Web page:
Settling into New Space

Hey again – been a while, I know. There were reasons, as there always are. Primary among these was the previously-alluded-to move and the time it took to get set up here. It’s gone reasonably well, and things are starting to feel settled, but with me they always take time.

I tend to be a sort of stay-at-home kind of person, and for good or ill I know I derive some comfort from having familiar things around me. So, the time when the old place was mostly in boxes made things a bit less comfortable for me, because the familiar place stopped feeling so familiar and the beloved things were packed away.

And then after the move, there’s this strange dislocation where I’m in the new place, but even though the familiar things gradually get unpacked, it’s still a new place, and so there’s nowhere that feels like home. At least, not immediately. And so again I feel that absence of comfort.

It’s gradually going away, as I get used to where I live now, and in the grand scheme of potential problems this is far from a bad one. But it takes a minute, and I always find it interesting how much space and surroundings affect us, or at least some of us.

Maybe that’s something I can use in something later, when it’s writing time again.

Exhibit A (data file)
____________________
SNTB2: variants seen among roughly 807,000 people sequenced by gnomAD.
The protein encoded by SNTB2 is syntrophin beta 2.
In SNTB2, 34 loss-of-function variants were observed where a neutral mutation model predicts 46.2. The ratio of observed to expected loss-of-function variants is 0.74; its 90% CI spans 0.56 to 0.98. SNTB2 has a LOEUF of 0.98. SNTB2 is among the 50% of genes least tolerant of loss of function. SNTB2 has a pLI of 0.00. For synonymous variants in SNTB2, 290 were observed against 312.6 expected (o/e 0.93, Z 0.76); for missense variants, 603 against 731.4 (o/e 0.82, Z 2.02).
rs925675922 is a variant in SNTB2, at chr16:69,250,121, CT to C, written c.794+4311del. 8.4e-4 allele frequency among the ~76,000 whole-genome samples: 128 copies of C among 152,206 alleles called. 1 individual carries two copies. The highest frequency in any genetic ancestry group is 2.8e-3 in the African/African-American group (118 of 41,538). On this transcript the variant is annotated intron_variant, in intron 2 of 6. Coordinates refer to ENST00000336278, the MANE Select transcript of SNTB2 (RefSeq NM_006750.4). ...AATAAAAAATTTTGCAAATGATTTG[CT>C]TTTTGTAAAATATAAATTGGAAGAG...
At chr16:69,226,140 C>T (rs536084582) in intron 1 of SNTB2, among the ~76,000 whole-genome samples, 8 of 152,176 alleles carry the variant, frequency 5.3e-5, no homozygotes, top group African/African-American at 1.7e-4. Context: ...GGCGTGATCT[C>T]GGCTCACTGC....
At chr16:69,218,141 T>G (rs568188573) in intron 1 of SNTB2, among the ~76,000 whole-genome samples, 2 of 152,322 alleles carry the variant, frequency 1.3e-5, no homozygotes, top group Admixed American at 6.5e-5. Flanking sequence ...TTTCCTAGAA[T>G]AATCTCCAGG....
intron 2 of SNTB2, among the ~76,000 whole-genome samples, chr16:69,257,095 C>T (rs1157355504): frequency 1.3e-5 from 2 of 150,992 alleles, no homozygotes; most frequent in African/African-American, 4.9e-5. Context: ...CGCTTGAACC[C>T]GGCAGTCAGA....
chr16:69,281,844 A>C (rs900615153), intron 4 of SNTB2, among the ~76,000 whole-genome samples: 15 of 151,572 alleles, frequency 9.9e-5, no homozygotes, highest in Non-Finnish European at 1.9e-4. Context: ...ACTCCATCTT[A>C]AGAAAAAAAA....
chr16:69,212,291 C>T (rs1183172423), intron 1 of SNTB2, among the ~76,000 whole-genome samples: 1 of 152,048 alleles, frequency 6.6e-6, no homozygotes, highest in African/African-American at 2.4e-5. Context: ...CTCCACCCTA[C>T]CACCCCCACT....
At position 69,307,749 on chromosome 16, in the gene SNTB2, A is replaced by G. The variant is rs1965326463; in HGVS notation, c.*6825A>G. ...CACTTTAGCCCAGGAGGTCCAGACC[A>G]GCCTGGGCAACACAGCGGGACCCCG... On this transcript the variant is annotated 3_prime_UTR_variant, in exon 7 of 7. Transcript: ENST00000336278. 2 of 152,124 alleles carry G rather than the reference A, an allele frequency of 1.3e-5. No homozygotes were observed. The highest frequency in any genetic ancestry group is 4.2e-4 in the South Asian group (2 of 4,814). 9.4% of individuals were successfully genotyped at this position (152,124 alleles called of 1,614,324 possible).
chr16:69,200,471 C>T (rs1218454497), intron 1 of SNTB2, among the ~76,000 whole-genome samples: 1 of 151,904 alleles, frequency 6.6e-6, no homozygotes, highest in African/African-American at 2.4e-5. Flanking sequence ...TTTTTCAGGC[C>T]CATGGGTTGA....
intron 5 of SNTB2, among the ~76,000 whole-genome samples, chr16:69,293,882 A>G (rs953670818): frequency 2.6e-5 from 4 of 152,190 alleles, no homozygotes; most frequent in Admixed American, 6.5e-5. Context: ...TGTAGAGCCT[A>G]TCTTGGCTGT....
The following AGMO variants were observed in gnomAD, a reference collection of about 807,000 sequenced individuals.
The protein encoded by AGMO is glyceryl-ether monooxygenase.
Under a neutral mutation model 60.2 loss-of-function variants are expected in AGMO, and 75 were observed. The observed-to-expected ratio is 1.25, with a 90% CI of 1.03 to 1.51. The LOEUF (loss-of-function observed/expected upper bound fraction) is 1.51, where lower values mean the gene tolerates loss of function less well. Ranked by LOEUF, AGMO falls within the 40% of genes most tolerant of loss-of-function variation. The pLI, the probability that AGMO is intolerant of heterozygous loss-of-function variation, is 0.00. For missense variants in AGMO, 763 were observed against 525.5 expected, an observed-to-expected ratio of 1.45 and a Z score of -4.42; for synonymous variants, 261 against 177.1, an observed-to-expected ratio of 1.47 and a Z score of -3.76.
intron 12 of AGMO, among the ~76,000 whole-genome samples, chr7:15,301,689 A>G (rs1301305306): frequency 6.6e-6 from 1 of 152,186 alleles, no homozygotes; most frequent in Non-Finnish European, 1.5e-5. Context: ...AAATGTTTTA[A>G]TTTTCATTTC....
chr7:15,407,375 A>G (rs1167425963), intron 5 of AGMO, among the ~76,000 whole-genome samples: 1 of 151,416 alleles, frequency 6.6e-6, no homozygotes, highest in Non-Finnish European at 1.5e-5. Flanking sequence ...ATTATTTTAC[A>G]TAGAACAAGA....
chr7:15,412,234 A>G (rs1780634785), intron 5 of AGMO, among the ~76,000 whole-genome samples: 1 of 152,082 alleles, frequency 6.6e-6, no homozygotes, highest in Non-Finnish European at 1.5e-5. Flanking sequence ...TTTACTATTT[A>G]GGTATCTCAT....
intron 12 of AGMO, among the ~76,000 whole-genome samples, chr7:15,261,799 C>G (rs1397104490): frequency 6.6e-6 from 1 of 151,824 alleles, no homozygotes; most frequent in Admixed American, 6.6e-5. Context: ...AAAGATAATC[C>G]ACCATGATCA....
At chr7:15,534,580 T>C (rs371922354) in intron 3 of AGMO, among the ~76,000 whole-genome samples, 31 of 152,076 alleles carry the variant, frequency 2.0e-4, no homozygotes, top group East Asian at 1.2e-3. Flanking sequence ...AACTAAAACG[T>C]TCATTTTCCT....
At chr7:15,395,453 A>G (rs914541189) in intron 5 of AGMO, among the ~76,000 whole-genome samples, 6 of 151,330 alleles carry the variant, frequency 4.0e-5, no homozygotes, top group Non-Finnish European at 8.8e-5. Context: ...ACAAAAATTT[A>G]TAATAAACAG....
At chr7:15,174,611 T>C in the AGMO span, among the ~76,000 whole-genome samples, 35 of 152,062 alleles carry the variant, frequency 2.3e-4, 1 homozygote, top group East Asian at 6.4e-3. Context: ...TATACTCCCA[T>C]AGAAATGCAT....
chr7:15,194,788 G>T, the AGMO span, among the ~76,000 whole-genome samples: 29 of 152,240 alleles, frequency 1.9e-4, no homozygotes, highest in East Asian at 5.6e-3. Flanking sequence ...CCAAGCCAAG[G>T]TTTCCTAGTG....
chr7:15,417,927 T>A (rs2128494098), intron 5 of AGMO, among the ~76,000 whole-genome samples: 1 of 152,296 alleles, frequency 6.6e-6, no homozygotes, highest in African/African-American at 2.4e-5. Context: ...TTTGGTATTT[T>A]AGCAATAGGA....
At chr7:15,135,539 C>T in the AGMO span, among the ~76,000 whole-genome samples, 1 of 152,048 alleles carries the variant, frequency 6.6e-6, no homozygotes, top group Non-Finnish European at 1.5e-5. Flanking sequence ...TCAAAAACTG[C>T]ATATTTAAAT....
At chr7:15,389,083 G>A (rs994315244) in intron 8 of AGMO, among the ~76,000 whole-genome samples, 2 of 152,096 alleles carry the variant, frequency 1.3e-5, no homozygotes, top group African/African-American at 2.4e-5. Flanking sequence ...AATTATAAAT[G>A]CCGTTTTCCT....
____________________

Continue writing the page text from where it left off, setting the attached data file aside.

Soon, I hope.

Thanks for reading.

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Goodbye to Old Roads

Hey, it’s been a while since I did a running blog, right?

(waits for screams)

Don’t worry, I’ll try to keep the hacky metaphors to a minimum in this one.

However, since I’ll be moving soon, it has occurred to me, while I’ve been out running, that these are the last few times that I’ll be on these particular paths, barring exceptional circumstances. Running has been a fairly big part of my life in recent years, and so these are spaces that I have spent a lot of time in, and have become very familiar to me. Running helps me think and helps settle me down, and so these spaces have been part of that, too.

I have learned about birds and plants because of things I have seen there, and (cliché though it sounds) I have learned about myself, also. I have ‘written’ significant chunks of things in my head while running, and things I’ve seen have sparked off ideas. At other times, it has been a completely purposeless time-out from Stuff I’ve been grappling with.

So, although I’m very excited about the place I’ll be moving to, there’s a bit of sadness, or pre-emptive nostalgia, about leaving these trails behind. I’ll have new places to run, and I’m looking forward to discovering those, but leaving my old roads is going to be at least a little bit hard.

On balance, it’s going to be good. I am very aware that I’ve been very fortunate over all the time I have been using these old roads, in many different ways. I would be a fool to complain.